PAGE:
Author Archives: Dan Zambonini

The Association of the Dead

An old (but still current) news story from India never gained much attention outside of the country, but seems worth sharing.

For over thirty years, corruption and bribery have allowed people to declare others ‘dead’ – without formal evidence – thus allowing the claimant to take ownership of the deceased’s farming land. The newly ‘dead’ will usually know nothing of their passing until they have some formal interaction with a government service, where they will be told that they are dead and are therefore not entitled to the service.

One such victim, who was officially dead for 18 years, formed The Association of the Dead to raise awareness of the issue: “The Association seeks to reverse the declarations, call attention to the problem and prevent others from being exploited in similar fashion.”

When was the last time you had to check if you were dead?

DNA R/W+ 12 Speed

The speed at which Synthetic Biology is evolving (pun intended) is mind-blowing, especially to someone who has just stumbled upon the science (inspired by Tuur Van Balen’s presentation at Interesting 2009). In his words, it “will make most of us wonder why we ever got so excited about the Internet”.

You can tell a technology has exciting potential when ridiculous neologisms spread as quickly as the technology itself. In the 1990s the Internet had people “surfing” “cyberspace”; now synthetic biology has biopunks and wetware hackers.

Although much of the current literature is beyond my rudimentary understanding, the idea of BioBricks seems incredible. I would describe it as a “genetic programming language”, but that doesn’t do it justice. To paraphrase the description on the website:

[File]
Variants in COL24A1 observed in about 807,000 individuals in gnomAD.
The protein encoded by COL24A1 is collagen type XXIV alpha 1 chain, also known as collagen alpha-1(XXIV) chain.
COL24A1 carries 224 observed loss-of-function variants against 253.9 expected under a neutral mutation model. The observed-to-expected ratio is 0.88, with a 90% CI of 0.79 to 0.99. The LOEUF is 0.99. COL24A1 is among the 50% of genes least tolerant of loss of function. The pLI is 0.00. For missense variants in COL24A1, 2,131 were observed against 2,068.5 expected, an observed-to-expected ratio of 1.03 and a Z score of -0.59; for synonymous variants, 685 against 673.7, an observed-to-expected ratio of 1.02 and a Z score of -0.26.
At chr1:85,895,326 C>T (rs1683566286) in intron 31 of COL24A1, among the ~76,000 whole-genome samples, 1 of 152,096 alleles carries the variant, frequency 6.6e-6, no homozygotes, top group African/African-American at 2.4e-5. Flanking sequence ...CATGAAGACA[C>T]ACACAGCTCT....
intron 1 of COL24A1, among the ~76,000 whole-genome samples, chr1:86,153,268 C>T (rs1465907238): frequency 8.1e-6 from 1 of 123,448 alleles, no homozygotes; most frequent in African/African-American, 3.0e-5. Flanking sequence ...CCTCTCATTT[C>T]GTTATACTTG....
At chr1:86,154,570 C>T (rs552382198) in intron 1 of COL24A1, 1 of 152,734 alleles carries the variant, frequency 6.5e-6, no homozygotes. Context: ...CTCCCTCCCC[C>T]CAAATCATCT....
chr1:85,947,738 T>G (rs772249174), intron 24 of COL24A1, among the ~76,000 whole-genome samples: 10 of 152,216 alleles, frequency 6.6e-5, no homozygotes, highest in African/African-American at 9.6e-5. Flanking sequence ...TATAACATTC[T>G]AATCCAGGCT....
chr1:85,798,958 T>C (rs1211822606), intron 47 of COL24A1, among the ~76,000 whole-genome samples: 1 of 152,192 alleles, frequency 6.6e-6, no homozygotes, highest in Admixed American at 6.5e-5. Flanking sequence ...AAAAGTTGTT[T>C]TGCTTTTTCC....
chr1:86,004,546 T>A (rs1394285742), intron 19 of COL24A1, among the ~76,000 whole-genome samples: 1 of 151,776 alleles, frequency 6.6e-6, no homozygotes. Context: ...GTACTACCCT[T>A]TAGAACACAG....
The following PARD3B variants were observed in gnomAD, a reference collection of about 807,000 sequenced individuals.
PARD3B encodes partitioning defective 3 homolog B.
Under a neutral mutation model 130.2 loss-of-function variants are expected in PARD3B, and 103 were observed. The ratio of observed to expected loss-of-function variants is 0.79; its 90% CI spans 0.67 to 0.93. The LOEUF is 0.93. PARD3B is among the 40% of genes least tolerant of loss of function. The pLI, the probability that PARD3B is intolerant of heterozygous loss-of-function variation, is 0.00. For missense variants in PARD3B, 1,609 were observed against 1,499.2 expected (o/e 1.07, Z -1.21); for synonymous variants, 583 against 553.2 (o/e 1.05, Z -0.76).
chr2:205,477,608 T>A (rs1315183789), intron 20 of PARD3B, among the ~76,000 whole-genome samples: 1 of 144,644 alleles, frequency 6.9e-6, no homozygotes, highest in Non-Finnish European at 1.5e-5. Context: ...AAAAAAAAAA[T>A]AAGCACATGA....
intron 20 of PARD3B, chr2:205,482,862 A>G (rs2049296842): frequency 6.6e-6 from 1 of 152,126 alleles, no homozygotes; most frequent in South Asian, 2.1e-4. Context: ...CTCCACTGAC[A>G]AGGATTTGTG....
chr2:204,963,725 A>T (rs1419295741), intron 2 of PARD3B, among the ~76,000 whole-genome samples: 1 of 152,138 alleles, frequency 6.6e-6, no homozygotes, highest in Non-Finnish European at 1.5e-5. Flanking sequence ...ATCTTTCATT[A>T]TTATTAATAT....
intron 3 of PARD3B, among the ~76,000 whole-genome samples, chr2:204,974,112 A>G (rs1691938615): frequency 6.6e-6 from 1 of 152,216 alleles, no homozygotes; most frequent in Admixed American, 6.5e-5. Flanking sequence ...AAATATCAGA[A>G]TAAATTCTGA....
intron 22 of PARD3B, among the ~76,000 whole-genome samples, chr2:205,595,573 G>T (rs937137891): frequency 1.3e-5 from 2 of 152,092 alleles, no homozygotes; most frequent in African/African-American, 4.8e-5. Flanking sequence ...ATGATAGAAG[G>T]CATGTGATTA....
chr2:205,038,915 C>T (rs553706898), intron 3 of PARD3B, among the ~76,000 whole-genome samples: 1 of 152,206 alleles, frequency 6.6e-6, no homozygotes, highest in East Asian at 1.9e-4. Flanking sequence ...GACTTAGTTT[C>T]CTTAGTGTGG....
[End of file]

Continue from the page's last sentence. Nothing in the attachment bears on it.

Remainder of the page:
Using BioBrickâ„¢ … parts, [you] can … program living organisms in the same way a computer scientist can program a computer. The DNA sequence information and other characteristics of BioBrickâ„¢ standard biological parts are made available to the public free of charge currently via MIT’s Registry of Standard Biological Parts.

In other words, there’s a growing free database of ‘biological parts’ (tastes, smells, reactions, proteins) that you can piece together to ‘re-program’ existing biological systems (typically bacteria); for example, here’s a part for a Banana odour generator:

tccctatcagtgatagagattgacatccctatcagtgatagagatactgagcactactagagattaaagaggagaaatactagatgaatgaaatcgatga
gaaaaatcaggcccccgtgcaacaagaatgcctgaaagagatgattcagaatgggcatgctcggcgtatgggatctgttgaagatctgtatgttgctctc
aacagacaaaacttatatcgaaacttctgcacatatggagaattgagtgattactgtactagggatcagctcacattagctttgagggaaatctgcctga
aaaatccaactcttttacatattgttctaccaacaagatggccaaatcatgaaaattattatcgcagttccgaatactattcacggccacatccagtgca
tgattatatttcagtattacaagaattgaaactgagtggtgtggttctcaatgaacaacctgagtacagtgcagtaatgaagcaaatattagaagagttc
aaaaatagtaagggttcctatactgcaaaaatttttaaacttactaccactttgactattccttactttggaccaacaggaccgagttggcggctaattt
gtcttccagaagagcacacagaaaagtggaaaaaatttatctttgtatctaatcattgcatgtctgatggtcggtcttcgatccacttttttcatgattt
aagagacgaattaaataatattaaaactccaccaaaaaaattagattacattttcaagtacgaggaggattaccaattattgaggaaacttccagaaccg
atcgaaaaggtgatagactttagaccaccgtacttgtttattccgaagtcacttctttcgggtttcatctacaatcatttgagattttcttcaaaaggtg
tctgtatgagaatggatgatgtggaaaaaaccgatgatgttgtcaccgagatcatcaatatttcaccaacagaatttcaagcgattaaagcaaatattaa
atcaaatatccaaggtaagtgtactatcactccgtttttacatgtttgttggtttgtatctcttcataaatggggtaaatttttcaaaccattgaacttc
gaatggcttacggatatttttatccccgcagattgccgctcacaactaccagatgatgatgaaatgagacagatgtacagatatggcgctaacgttggat
ttattgacttcaccccctggataagcgaatctgacatgaatgataacaaagaaaatttttggccacttattgagcactaccatgaagtaatttcggaagc
tttaagaaataaaaagcatctccatggcttagggttcaatatacaaggcttcgttcaaaaatatgtgaacattgacaaggtaatgtgcgatcgtgccatc
gggaaaagacgcggaggtacattgttaagcaatgtaggtctgtttaatcagttagaggagcccgatgccaaatattctatatgcgatttggcatttggcc
aatttcaaggatcctggcaccaagcattttccttgggtgtttgttcgactaatgtaaaggggatgaatattgttgttgcttcaacaaagaatgttgttgg